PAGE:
Nutrition Tips for Congestive Heart Failure

If you have congestive heart failure, follow these nutrition guidelines:

Salt and Sodium

Sodium acts like a sponge to hold extra water in the body, which makes the heart work harder. Cutting down on sodium is one of the most important parts of your treatment plan. Sodium is found in large amounts in salt (sodium chloride) and is added to most prepared and processed foods.

Here are some tips to lower the amount of sodium you eat:

Follow this general guide: Eat three meals each day limited to 500 milligrams or less of sodium. Limit your snacking throughout the day to less than 500 milligrams of sodium.

Avoid using salt at the table or in cooking. Remove the salt shaker — you'll be less likely to use it.

Experiment with new flavors. Use spices, herbs, and other seasonings instead of salt to flavor foods.

Eat fresh or frozen vegetables Fresh or frozen vegetables are low in sodium. Do not add salt or high-sodium seasonings (such as soy sauce). Balsamic vinegar and lemon juice enhance the flavors and can be used in place of salt.

Eat fresh vegetable salads and avoid bottled salad dressings. Make your own dressing and choose an oil and vinegar dressing while eating out. Potato or macaroni salads are often high in sodium. Ask if salt or pickles are used in these salads before ordering.

Eat fruit for dessert. Fresh, frozen, and canned fruit are lower in sodium than baked desserts.

Avoid processed foods that come in cans or boxes. Canned and ramen noodle soups, macaroni and cheese, canned vegetables, tomato juice, baked or refried beans, packaged or bottled salad dressings and seasoning mixes, and instant potatoes are examples of processed foods high in sodium.

Limit cheese. Most cheeses are high in sodium. If you love cheese, learn to read labels so you can find a low-sodium option to eat in small amounts.

Eat fresh meats, chicken, and fish. Processed and smoked foods, such as bologna, sausage, pepperoni, bacon, ham, hot dogs and battered chicken or fish, are all high in sodium.

Snack on fresh fruits, vegetables, and unsalted nuts instead of salty snack foods such as chips or salted nuts. Healthy snacks are low in calories and good sources of vitamins, minerals, and fiber.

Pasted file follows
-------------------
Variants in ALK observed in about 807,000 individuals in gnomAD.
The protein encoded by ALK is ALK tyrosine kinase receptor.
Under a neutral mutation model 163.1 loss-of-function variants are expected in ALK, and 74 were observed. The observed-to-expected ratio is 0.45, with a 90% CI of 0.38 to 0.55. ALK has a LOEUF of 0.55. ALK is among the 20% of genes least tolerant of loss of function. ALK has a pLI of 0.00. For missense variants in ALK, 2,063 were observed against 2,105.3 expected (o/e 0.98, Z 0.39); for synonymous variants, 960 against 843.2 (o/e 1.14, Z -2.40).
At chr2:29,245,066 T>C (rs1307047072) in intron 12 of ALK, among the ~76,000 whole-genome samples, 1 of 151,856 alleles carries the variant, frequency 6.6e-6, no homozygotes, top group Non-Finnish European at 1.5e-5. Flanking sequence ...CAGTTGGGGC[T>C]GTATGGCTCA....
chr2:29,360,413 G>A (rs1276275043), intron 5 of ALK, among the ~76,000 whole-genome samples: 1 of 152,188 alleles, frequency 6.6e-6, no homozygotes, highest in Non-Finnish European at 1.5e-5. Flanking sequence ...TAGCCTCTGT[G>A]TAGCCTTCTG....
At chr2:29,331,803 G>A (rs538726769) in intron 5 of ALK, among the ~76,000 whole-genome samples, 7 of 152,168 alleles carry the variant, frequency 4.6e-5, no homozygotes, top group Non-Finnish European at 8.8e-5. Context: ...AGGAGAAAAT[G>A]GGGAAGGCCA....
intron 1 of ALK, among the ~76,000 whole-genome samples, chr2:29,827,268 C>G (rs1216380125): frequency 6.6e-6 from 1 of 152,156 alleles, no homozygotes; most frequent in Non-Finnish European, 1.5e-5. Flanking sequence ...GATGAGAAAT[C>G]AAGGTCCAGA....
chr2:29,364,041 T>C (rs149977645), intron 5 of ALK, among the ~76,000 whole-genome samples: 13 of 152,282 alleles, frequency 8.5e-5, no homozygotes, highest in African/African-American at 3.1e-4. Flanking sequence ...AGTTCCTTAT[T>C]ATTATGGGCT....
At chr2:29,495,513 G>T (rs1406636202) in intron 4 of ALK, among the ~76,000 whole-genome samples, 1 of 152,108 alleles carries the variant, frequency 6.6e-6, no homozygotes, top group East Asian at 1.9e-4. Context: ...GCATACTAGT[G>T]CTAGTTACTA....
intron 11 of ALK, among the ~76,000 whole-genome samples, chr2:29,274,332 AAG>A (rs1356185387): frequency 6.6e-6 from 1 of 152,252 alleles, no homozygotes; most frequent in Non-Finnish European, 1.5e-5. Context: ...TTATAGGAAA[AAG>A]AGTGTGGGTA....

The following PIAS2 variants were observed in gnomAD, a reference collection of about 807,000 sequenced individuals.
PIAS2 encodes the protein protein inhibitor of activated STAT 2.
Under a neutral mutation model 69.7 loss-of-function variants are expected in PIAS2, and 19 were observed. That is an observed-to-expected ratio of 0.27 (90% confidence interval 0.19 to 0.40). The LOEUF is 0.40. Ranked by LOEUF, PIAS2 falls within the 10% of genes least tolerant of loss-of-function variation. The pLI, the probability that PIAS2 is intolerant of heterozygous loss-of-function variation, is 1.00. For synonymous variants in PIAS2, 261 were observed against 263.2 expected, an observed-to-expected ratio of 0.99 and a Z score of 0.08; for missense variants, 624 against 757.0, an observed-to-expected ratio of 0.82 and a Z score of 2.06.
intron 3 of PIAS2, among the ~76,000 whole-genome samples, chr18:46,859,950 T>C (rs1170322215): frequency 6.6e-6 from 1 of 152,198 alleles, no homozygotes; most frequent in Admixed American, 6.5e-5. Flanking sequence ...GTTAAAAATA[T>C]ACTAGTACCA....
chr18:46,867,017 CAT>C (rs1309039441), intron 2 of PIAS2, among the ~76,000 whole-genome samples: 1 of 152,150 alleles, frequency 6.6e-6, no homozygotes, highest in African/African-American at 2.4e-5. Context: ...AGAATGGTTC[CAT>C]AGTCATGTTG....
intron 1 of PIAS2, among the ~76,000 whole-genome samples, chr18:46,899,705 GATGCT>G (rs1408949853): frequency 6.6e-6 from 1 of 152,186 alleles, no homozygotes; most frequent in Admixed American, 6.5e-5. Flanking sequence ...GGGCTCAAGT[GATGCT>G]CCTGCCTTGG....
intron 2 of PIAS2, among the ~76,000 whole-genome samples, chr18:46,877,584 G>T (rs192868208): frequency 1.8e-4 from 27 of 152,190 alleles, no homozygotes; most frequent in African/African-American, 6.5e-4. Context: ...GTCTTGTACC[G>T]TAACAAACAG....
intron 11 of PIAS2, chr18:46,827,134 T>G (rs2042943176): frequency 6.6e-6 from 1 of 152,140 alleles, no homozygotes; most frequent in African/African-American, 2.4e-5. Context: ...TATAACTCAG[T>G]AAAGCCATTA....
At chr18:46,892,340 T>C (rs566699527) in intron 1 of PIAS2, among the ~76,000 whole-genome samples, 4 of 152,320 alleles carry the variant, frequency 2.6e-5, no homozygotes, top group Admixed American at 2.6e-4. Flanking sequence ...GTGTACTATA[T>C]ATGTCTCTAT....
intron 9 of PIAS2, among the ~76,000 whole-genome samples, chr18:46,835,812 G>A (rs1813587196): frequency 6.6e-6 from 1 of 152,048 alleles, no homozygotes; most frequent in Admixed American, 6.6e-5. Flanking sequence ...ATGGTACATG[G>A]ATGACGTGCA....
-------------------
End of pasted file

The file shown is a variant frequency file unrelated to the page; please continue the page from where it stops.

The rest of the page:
Learn to read labels. Read food labels when you shop. The amount of sodium in the product is listed on the label. By reading labels, you can find low-sodium foods you like that can take the place of high-sodium foods you used to eat.

Find a low-sodium cookbook or check the internet for low-sodium recipes and suggestions.

Be patient. Changing food habits is a skill that takes time and practice. It takes taste buds three weeks to lose their taste for sodium. Get support from your family and friends and set realistic goals.

Spice It Up

Herbs and spices are a great way to make foods tasty without using salt. Some general guidelines for cooking with herbs and spices are:

Alcohol

Avoid alcohol. If your congestive heart failure is alcohol-related, it's especially important for you to avoid alcoholic beverages.

Fat and Cholesterol

A diet high in saturated fat and cholesterol can lead to more heart problems, such as clogged arteries. Instead of saturated fats such as butter, shortening, and stick margarine, choose small amounts of olive, canola, or peanut oil.

Follow these tips to lower fat and cholesterol intake:

Eating Out

Eating out is convenient, a nice break from cooking and a fun way to celebrate special occasions. Below are some tips for eating out without getting too much sodium.


Clinical review by Barbara Larrabee, RN
Group Health
Reviewed 03/01/2014